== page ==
It is completely unreasonable for me to use license plate background art as a synecdoche for a state’s prevailing ethos, but I’m going to do it anyway. Why not? The design of a license plate is broadly attempting to achieve this effect, more so than even a flag. Whether license plates originally intended this or not, this is, after at least a half century of state-specific art, exactly what they’ve become. By and large, most states use their license plates as a means of propagating a key aspect of the state’s identity. It’s another form of branding.
Beyond that core observation, tremendous variability exists among the fifty states. Some, like California, apply little more than a cheeky cursive font across a white background—the style the state has applied for over thirty years. Older readers may vaguely remember the sunset logo that state deployed through most of the 1980s, but, all in all, California remains fairly fixed in its appearance. Two other states that have rigidly applied the same appearance since time immemorial are Minnesota and Delaware, the latter of which has used gold lettering on a blue plate along with its motto (“The First State”), for more than half a century. A survey recently determined it to be the nation’s least appealing plate, but, after going unchanged this long, it has earned a familiarity that outstrips the state’s low population (and, therefore, the comparatively few number of Delaware-tagged vehicles on the road). And I’d wager that the color combination, visible throughout Delaware (up to and including a different variant of blue and yellow in the state’s equally unappealing flag), evokes the New Sweden colony established near the site of present-day Wilmington—among the earliest settlers of the present-day state.
But, rather than focusing on states that take a conservative approach to branding through their license plates, I’d like to look at two neighboring states that refresh their image every few years. One is Ohio, which has used the design below for about two ore three years (meaning it is likely on the way out).And the other is Indiana, which has only just begun to “roll out” this new plate.Since the Indiana tag is new, it’s not yet widespread; only vehicles that are early within the replacement sequence have yet to adopt it, and in January of 2019, the bicentennial plate is still a bit easier to find on the road. This will soon change, and before long, the featured photos of these two abutting states should be widely visible to anyone between Terre Haute and Youngstown—at least until the next design for Ohio comes into play.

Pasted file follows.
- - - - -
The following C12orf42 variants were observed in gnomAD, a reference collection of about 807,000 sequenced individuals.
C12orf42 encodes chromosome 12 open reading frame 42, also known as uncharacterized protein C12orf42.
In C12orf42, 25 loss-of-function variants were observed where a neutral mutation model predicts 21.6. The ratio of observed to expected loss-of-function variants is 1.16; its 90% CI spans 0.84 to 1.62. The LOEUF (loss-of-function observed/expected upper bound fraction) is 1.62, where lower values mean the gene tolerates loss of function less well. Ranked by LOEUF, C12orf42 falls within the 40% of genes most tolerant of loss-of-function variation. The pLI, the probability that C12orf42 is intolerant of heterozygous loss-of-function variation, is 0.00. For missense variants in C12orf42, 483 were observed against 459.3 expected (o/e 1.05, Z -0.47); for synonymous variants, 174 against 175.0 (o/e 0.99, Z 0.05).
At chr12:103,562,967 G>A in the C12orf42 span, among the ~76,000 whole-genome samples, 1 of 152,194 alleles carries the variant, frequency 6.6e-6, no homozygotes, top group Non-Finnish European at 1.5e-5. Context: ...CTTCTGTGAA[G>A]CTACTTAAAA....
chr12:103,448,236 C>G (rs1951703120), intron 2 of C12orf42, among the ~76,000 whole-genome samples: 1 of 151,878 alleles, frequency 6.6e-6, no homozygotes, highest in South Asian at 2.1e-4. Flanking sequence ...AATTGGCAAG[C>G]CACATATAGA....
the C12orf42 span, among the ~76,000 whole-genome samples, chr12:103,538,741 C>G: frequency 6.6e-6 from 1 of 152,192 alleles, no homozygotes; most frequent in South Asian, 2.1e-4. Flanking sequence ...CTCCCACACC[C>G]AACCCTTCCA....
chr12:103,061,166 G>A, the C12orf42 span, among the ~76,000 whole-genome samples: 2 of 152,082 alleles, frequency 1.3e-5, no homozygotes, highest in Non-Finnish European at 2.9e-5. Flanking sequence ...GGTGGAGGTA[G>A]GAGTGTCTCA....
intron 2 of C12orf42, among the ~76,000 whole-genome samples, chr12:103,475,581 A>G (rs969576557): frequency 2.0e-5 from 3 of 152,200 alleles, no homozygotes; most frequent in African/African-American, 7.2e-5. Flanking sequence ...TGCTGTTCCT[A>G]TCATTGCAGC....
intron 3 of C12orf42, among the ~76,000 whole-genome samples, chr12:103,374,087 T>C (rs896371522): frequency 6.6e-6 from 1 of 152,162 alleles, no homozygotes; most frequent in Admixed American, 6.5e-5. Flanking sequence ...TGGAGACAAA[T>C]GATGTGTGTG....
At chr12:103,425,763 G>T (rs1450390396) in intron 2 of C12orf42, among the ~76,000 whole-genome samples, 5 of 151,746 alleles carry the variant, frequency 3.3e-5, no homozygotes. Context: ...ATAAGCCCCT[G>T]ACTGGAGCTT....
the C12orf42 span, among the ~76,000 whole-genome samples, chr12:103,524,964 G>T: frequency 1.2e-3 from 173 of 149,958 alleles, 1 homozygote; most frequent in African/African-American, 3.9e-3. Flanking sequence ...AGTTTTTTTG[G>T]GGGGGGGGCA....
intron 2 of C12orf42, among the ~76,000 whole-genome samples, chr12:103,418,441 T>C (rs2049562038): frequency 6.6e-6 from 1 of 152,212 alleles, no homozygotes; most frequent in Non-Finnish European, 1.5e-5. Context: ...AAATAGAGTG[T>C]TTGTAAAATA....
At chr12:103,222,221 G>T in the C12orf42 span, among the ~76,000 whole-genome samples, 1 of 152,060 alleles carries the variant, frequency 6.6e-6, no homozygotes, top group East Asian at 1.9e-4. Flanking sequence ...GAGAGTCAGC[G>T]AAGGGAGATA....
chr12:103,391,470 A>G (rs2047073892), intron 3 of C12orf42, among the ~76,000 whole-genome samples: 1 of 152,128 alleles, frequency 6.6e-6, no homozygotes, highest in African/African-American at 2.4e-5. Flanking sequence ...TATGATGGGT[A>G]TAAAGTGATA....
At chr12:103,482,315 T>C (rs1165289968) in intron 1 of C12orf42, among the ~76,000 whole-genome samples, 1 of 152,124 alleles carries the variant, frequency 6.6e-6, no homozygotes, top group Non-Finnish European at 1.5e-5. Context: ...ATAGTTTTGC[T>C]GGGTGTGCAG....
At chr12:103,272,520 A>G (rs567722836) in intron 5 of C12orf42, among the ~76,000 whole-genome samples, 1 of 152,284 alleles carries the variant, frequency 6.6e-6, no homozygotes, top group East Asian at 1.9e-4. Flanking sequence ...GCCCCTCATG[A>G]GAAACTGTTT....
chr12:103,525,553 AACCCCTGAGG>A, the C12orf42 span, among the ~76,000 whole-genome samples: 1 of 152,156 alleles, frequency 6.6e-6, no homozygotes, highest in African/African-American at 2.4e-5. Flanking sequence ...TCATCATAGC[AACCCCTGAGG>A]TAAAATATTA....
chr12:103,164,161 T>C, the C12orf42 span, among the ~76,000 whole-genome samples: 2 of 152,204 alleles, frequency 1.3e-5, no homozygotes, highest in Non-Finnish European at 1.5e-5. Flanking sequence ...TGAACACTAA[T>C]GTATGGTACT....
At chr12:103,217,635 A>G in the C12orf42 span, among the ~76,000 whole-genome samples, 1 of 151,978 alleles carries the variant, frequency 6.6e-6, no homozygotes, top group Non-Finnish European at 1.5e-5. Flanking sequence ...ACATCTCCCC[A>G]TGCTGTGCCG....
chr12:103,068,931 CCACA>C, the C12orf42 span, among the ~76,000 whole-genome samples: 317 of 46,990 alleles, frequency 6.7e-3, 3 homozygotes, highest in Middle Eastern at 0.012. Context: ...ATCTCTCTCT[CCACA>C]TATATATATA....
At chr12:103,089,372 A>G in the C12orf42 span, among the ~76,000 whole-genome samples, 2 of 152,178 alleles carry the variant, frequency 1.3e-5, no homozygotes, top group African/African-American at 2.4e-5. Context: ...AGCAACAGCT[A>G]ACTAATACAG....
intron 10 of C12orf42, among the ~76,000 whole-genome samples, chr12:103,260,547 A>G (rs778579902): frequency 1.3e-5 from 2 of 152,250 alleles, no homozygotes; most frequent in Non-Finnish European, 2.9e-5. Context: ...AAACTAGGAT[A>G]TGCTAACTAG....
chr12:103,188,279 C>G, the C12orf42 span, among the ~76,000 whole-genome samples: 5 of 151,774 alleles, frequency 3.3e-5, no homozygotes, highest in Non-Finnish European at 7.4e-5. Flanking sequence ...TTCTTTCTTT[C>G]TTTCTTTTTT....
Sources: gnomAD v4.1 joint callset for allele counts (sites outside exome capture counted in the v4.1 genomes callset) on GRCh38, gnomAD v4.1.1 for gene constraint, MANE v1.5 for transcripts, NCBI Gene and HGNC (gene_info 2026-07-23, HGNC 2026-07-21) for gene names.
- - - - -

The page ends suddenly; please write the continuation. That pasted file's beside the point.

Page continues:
Both states have chosen for the design a sort of archetypal landscaped tableau. Both feature an agrarian countryside, but Ohio also reveals a skyline looming in the distance, visible in the lower left of the plate. Indiana features a covered bridge in the bottom center. While it may seem unfair for me to assert that these distinctions have helped shape the outlooks and political ethos in the two culturally similar states, I am, again, going to do it anyway. Ohio has nearly five million more people than Indiana. It has three cities with metros at or exceeding two million: Cleveland, Columbus, and Cincinnati. The horizon skyscrapers on the plate could easily stand in for any of these three cities. Furthermore, Ohio has an additional three cities whose metros are approaching or exceed 1 million: Dayton, Toledo, and Akron. While the silhouetted skyline in the plate is probably too expansive to signal these three smaller metros, each of them is considerably larger than Fort Wayne, Indiana’s second largest city. And Indianapolis is the only city in Indiana approaching Ohio’s three metros in population.
While both states routinely feature barns and windmills that one encounters in the lower right of the Ohio plate, it would be considerably harder to drive across Indiana and expect a skyline view of the sort that is somewhat common in Ohio, the nation’s seventh most populous state. Indiana, though by no means a lightly populated state, is ranked 17th, with about 6.7 million people. I’m uncertain if Indiana is ranked first in the nation for covered bridges; most surveys suggest Pennsylvania is first at nearly 220, and Ohio is second. However, Indiana certainly has a lot (approximately 130) for its somewhat lower population, and Parke County in eastern Indiana has the highest concentration in the country. Thus, a motorist is perhaps more likely to encounter a covered bridge while traveling across Indiana than any other state.
But the core distinction rings clear: Ohio can assert itself much more powerfully and credibly as an urban state, while Indiana essentially more rural. Note that I use the comparative adverb “more” in each case; by no means is Ohio as urbanized as some of the states further to the east, but a panoply of urban clusters define the state much more than in Indiana. Urban advocacy has a stronger foothold in Ohio because Ohioans are far more likely to live in close proximity to a major city. Superficial though these distinctions may be, they explain a lot about the two states’ divergent social, political and economic trajectories over the decade. And they explain why the winning designs for their license plates look the way they do. At least until they try something new in three years or three months, making California and even Delaware seem far more fixed—and perhaps more confident—in their identities than these two Midwest counterparts.